From Humphreys' Introduction to Lie Algebras and Representation Theory:

If $V$ is a finite dimensional vector space over $F$, denote by $\text{End }V$ the set of linear transformations $V\rightarrow V$. As a vector space over $F$, $\text{End }V$ has dimension $n^2$ ($n=\text{dim }V$), and $\text{End }V$ is a ring relative to the usual product operation.

1) Why does $\text{End }V$ have dimension $n^2$? I think of an example like $V=\mathbb{R}^n$, with the basis $e_1=(1,0,\ldots,0),e_2=(0,1,\ldots,0),\ldots,e_n=(0,0,\ldots,1)$. Then a linear transformation $V\rightarrow V$ can take $e_1$ to $e_j$ for any $j=1,2,\ldots,n$, take $e_2$ to $e_j$ for any $j=1,2,\ldots,n$, and so on. This should give rise to $n^n$ independent linear transformations.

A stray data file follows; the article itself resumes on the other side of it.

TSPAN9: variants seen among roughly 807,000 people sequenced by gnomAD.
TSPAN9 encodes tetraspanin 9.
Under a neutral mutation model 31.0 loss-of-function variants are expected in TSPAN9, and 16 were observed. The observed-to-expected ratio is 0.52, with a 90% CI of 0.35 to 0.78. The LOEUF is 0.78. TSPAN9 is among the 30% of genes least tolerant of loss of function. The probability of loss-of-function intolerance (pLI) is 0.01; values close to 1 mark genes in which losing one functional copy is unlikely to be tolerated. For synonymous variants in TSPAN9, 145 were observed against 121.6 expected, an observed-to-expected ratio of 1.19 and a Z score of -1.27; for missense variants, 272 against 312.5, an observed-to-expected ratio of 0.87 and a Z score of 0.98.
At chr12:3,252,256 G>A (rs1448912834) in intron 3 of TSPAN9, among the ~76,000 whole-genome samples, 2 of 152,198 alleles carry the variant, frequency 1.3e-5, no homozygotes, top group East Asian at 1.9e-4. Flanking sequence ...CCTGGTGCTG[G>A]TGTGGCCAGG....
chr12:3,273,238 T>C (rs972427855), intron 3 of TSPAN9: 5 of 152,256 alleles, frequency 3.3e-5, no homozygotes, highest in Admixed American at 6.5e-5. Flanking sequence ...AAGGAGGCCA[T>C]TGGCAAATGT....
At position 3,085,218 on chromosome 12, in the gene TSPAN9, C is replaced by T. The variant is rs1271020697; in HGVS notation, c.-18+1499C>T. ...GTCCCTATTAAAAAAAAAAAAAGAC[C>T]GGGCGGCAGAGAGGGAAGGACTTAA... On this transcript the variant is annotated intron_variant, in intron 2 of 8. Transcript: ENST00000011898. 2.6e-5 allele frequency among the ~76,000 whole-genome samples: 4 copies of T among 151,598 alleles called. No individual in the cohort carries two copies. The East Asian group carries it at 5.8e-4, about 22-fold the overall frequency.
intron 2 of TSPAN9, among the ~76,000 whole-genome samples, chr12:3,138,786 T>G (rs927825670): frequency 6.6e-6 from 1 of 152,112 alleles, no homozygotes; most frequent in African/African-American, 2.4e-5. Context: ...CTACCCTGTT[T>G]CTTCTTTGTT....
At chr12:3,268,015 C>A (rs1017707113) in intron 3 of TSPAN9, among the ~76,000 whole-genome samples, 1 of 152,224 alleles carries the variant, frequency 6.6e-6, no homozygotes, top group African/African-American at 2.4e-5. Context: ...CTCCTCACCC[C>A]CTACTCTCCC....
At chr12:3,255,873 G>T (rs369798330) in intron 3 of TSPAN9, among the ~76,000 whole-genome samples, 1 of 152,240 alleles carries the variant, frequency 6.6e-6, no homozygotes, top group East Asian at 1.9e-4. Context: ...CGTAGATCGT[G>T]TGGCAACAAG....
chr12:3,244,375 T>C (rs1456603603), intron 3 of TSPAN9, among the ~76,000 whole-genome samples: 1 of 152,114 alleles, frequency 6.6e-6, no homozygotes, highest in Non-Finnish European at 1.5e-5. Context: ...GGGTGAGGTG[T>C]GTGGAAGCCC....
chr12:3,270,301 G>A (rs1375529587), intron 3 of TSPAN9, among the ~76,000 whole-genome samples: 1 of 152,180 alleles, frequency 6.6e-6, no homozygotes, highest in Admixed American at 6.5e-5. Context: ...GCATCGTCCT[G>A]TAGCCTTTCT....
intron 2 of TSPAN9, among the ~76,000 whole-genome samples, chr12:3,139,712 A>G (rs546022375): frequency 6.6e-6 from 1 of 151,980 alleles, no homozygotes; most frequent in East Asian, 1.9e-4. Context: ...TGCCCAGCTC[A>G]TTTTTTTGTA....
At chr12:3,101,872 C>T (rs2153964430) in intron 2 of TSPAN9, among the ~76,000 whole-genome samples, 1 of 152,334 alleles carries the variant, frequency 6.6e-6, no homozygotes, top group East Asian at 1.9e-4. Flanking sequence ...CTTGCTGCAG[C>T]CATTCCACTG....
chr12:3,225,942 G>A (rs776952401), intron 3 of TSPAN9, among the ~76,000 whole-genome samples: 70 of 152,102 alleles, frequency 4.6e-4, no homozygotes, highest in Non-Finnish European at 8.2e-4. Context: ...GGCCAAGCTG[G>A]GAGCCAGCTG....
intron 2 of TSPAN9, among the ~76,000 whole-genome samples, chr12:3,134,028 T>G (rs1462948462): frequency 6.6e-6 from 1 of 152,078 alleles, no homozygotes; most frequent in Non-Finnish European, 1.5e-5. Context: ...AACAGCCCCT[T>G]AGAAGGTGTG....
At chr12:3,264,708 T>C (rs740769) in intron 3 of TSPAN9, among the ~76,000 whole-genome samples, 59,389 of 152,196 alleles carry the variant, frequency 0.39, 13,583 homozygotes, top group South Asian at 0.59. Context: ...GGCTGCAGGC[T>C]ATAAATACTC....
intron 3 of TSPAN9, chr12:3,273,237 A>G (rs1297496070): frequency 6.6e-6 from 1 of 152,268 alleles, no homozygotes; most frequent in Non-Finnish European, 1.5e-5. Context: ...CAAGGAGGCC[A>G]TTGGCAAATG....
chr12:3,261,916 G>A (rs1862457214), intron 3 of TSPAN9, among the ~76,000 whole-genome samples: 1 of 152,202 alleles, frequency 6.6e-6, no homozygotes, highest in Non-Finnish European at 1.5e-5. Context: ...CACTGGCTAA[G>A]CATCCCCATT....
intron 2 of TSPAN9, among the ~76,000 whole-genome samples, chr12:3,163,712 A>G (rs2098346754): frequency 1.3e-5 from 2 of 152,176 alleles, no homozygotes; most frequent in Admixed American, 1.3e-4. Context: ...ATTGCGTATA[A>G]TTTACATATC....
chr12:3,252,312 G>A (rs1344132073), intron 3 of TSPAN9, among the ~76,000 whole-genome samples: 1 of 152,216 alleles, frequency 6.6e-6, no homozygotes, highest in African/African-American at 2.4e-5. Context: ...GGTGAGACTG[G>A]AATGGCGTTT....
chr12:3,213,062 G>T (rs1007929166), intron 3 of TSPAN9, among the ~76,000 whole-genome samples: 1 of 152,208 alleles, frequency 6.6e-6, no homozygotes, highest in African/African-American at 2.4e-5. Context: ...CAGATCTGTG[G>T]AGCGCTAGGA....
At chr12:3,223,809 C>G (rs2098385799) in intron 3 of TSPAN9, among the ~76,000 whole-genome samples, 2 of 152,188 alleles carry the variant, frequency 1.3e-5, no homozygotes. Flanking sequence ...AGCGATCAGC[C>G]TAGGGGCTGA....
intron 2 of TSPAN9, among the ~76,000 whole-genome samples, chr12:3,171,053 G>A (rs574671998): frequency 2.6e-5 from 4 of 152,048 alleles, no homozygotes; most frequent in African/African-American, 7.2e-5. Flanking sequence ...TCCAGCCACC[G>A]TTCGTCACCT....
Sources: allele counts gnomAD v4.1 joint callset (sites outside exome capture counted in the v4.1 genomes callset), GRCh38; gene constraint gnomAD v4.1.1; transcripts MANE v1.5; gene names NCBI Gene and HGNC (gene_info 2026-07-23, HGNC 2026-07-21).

2) "$\text{End }V$ is a ring relative to the usual product operation." What is the product operation referred to here?


When you choose a basis for $V$, you identify $\operatorname{End}{V}$ with the set of $n\times n$ matrices over $F$, which has dimension $n^2$. Your linear transformations are not all linearly independent.

The product operation is composition of maps, i.e. if $f,g\in\operatorname{End}{V}$, then the product $fg$ is the map defined by $(fg)(v)=g(f(v))$.


1. Hint

Let $f_{p,q}:V\to V$ defined by $$f_{p,q}(e_i)=\delta_{pi}e_q$$

Prove that $(f_{p,q})_{1\leq p,q\leq n}$ is a basis for $\mathrm{End}(V)$. Conclude.

2.The product operation is the composition of the endomorphisms

  • $\begingroup$ You're welcome. $\endgroup$ – user63181 Aug 6 '13 at 15:12

1) For each $e_i$, there are $n$ components of ${e_i}'$, the image of $e_i$, that must be specified. There are $n$ basis vectors $e_i$, therefore you get $n \times n = n^2$.

2) The product operation is composition. When written as matrices, composition is computed through matrix multiplication.


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